US President Joe Biden’s 2022 US National Security Strategy underscored the “decisive decade” ahead for Washington to advance vital interests and out-manoeuvre its competitors. A key challenge warned of China’s interest in and capacity to reshape the existing international order. But in the year since the release of the document, Russia’s war in Ukraine, and the shattering of European peace along with it, has absorbed much of Washington’s strategic gaze.
Efforts to manage the “pacing challenge” posed by Beijing have been somewhat relegated to the back seat. This wasn’t a problem – Washington could present this approach as merely managing US-China strategic competition responsibly. That was until the recent Chinese “spy” balloon saga (dubbed meteorological research assets by Beijing).
Three further suspected balloons have since been shot down over North American airspace with missiles in the past week. While the attributions have since become more ambiguous as to what was flying and who exactly sent them, social media’s meme machine has exploded, Sinophobia has reared its head, and Washington’s effort to constructively (and quietly) manage its relationship with Beijing has become much more complicated.
Two aspects of this episode are of interest. First, China’s rather restrained response to its assets being blown from the sky, as well as the nonchalant “its science, stupid” justification offered. Here, China appears disinterested in baiting Washington in good news for the rest of us, yet indicative of a smart strategy on Beijing’s part.
Second, Washington’s response is worth deeper consideration, in terms of the innate non-news reality of such events. High-altitude balloon and surveillance occurrences are not a new development.
Washington’s public and militarised response perhaps flags a more significant undercurrent to this balloon story. This spy balloon may be used to legitimise Washington’s refocus away from Ukraine and Europe to its competition with China. Indeed, the United States may use this balloon episode to lean into the heavy lifting required to meet the tasks of its decisive decade – in Asia.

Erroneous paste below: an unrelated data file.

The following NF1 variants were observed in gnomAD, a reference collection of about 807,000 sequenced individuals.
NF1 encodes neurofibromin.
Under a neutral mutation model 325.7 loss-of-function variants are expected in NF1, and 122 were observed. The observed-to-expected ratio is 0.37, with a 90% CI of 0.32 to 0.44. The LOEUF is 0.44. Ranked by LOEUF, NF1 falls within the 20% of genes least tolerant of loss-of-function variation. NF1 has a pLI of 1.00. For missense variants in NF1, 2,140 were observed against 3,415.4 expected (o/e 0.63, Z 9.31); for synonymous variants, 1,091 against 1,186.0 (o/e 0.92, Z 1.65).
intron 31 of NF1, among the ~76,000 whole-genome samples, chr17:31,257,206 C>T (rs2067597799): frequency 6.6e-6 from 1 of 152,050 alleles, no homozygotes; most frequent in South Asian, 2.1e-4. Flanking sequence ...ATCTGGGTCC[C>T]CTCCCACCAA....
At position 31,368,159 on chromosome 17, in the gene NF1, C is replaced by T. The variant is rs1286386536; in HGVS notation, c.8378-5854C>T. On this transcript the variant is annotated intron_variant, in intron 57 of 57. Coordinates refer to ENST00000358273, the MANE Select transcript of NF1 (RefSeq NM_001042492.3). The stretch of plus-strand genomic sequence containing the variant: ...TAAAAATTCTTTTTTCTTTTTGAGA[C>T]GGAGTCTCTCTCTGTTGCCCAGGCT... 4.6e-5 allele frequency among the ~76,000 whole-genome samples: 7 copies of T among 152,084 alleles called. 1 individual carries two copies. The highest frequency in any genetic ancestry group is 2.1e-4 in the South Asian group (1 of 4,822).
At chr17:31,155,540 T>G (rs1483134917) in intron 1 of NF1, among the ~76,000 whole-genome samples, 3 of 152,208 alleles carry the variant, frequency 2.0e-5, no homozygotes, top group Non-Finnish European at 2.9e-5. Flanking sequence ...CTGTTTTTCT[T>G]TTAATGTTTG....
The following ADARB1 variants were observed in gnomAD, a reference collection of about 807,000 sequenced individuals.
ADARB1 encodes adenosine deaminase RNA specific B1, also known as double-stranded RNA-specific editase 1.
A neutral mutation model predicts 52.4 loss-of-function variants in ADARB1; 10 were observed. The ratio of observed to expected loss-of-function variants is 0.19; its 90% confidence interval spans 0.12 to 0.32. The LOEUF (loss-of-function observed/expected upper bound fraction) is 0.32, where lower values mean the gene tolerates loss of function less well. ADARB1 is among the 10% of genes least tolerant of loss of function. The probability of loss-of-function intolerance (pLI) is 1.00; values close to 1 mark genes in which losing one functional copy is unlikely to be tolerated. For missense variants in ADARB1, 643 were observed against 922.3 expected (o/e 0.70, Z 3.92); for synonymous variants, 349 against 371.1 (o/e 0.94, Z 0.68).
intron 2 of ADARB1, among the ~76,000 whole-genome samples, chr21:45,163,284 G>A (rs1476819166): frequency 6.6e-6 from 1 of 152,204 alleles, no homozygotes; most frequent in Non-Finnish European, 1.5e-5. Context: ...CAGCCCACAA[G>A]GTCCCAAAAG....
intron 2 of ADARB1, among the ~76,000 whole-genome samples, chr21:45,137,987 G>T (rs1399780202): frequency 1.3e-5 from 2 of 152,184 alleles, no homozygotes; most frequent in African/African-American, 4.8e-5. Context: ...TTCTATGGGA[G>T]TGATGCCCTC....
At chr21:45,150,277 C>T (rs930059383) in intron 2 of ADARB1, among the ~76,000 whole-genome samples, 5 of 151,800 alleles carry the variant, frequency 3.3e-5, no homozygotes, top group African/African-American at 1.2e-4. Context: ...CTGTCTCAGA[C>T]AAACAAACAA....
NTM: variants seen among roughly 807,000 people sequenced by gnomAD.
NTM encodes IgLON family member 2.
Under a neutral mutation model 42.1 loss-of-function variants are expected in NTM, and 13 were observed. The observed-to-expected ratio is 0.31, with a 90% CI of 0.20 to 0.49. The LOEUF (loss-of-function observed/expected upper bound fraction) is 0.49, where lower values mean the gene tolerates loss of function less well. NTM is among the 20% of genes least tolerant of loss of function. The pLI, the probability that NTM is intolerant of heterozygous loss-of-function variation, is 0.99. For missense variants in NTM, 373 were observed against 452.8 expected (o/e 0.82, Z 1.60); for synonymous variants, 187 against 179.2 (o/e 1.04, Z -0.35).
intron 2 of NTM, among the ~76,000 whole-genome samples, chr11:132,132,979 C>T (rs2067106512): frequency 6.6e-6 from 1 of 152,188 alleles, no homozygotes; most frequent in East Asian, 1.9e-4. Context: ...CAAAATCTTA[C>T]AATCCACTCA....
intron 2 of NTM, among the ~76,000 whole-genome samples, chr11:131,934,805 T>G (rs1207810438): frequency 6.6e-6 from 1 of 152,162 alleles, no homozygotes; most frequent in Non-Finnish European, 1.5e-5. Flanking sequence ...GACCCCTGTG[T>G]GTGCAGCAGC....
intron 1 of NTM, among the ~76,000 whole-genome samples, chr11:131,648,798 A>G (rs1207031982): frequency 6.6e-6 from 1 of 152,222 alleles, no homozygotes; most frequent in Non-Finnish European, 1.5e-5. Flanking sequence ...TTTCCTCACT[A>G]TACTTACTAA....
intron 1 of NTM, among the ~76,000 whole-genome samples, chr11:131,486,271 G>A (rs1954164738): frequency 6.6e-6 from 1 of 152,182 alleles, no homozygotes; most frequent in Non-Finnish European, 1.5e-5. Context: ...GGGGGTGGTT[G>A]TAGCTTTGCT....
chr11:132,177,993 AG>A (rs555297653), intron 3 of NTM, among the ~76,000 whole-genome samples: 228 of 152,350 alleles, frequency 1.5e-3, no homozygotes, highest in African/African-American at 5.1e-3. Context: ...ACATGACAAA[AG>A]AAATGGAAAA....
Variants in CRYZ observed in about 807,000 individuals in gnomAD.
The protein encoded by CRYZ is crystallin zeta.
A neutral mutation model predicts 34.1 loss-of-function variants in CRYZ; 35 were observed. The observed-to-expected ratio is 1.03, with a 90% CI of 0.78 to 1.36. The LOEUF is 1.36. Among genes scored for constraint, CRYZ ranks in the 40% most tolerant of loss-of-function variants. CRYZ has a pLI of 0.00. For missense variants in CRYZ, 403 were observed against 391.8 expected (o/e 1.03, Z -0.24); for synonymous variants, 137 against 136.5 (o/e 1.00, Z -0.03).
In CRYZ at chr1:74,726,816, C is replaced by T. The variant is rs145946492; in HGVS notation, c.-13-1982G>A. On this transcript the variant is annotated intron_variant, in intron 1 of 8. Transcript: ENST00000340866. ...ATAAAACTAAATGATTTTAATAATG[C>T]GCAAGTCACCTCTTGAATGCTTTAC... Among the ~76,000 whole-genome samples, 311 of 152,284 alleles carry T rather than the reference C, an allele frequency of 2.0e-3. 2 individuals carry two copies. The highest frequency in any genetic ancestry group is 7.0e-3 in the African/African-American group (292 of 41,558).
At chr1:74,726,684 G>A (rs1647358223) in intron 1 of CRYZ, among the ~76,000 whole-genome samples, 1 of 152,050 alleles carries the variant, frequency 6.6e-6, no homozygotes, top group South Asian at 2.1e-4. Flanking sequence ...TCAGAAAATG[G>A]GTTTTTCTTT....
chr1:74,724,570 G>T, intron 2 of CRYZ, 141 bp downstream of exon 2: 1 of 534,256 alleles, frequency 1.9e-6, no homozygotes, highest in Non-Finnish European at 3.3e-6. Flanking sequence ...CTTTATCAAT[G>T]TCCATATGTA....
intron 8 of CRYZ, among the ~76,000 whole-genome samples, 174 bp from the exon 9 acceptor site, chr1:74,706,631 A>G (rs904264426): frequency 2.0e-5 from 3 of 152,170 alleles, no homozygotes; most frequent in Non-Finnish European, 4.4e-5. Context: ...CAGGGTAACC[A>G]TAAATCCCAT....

US domestic sentiment towards Beijing’s balloons has quickly added pressure for the Biden administration to turn to the China challenge. China penetrating US airspace is a tangible security issue that Americans can grasp – unlike, say, nebulous cyber attacks or coercive economic measures – challenging at once US assumptions of its isolationist existence, while triggering some anxieties of another 9/11-type shock.
Domestic fatigue in the United States related to the sheer cost of fighting for, defending, and arming Ukraine is slowly mounting, bolstered now by an evidenced breach in Washington’s ability to hold an enemy at bay. According to recent polling, the share of US nationals who think Washington is providing too much support to Ukraine has grown to 26 per cent of respondents, up from 20 per cent in September 2022. Back in March 2022, weeks after the Russian invasion, only seven per cent of those polled thought the United States was providing too much support for Ukraine.
The US defence sector is already grappling with systemic mobilisation challenges – as underscored by the recent National Defence Industrial Association (NDIA) report. The Covid-19 pandemic also had ramifications for the US defence industry, including continued issues with productivity and supply chains. The report also found key problems with national surge readiness and an aging workforce in sensitive technology. Critically, the report notes: “there is a mismatch between what [US] national strategies aim to achieve and how [the US] defence industrial base is postured”.
Indeed, funnelling arms to Ukraine has left Washington’s weapons pantry low on supplies, if not empty. It is important to note this dire situation is unfolding during a time in which the United States is not itself at war. And it is a situation that 78 per cent of the US defence industry polled by NDIA believes will “remain the same or get even worse”.
This is not an argument for “ditching” Europe for Asia. The notion of a US “pivot” to Asia, heralded under the Obama administration, has always been a bit of “hot air”, insomuch as the United States is already an enduring stakeholder in the region. Basic geography as a Pacific power, history, and alliances further wed the United States to Asia, so the notion that Biden must pick between Europe and Asia is somewhat nonsensical. As is the idea that Europe needs Washington to deal with Putin’s Russia. China would greatly welcome a United States bogged down in Europe.
The United States must adequately prioritise between Europe and Asia. And this is no easy feat. But if the Biden administration hopes to deliver on its intent in a “decisive decade”, it needs to start at home. Back in 2018, the US Department of Defence stated “it would take significant time and government financial resources to reorient the defence industry to effectively handle peer conflict”. Five years on, the situation is grim. This tangible penetration by China (balloon jokes aside) offers a chance for Washington to shift its political energy back towards its pacing challenge in Asia. This would be good news for Canberra.